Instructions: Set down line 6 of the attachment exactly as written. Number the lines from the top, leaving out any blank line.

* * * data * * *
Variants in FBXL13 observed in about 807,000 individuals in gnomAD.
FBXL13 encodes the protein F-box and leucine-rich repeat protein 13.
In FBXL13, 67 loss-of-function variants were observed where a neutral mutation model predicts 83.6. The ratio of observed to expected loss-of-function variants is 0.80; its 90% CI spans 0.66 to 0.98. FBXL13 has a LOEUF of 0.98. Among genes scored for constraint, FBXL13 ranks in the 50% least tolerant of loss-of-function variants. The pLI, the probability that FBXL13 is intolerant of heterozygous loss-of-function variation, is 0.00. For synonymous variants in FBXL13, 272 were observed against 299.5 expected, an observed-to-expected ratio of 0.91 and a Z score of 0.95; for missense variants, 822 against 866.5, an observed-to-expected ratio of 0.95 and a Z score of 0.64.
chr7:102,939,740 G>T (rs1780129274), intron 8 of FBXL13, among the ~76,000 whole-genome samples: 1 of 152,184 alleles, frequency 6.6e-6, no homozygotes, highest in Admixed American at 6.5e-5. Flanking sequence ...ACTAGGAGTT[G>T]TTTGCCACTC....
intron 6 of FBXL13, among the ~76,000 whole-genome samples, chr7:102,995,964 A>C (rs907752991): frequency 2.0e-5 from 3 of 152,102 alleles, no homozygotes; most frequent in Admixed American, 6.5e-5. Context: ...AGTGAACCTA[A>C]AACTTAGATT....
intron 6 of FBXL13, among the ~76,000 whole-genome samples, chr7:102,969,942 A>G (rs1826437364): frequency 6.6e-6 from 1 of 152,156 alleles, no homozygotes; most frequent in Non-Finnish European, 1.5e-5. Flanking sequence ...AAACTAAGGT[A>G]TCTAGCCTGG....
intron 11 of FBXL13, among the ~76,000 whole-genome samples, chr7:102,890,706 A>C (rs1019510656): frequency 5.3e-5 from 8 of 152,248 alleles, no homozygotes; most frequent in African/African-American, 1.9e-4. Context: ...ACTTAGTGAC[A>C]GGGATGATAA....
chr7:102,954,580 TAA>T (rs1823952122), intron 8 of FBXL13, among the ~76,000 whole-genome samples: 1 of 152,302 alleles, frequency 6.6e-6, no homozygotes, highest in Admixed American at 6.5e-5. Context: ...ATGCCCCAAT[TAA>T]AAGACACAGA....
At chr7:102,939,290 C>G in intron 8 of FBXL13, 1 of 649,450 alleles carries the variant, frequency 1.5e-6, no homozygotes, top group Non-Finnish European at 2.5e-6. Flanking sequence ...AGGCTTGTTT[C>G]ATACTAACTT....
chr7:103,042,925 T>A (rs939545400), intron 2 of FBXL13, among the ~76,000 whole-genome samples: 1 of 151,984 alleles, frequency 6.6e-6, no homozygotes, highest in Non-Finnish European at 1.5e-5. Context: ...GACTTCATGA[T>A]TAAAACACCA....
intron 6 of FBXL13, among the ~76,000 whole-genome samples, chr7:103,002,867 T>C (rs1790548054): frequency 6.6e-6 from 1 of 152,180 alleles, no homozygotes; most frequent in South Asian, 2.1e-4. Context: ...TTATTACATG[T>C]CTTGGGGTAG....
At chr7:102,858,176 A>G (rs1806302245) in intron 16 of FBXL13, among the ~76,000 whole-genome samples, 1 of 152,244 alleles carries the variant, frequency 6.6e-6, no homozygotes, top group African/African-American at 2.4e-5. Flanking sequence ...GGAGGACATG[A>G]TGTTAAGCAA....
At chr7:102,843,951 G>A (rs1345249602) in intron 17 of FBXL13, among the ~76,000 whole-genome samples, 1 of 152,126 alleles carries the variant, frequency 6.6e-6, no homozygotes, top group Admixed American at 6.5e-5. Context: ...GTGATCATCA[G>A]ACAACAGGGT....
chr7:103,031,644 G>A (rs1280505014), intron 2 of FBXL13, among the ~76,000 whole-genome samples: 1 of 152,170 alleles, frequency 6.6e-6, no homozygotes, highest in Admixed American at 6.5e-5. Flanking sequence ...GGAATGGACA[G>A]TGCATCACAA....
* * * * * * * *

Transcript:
intron 6 of FBXL13, among the ~76,000 whole-genome samples, chr7:102,969,942 A>G (rs1826437364): frequency 6.6e-6 from 1 of 152,156 alleles, no homozygotes; most frequent in Non-Finnish European, 1.5e-5. Flanking sequence ...AAACTAAGGT[A>G]TCTAGCCTGG....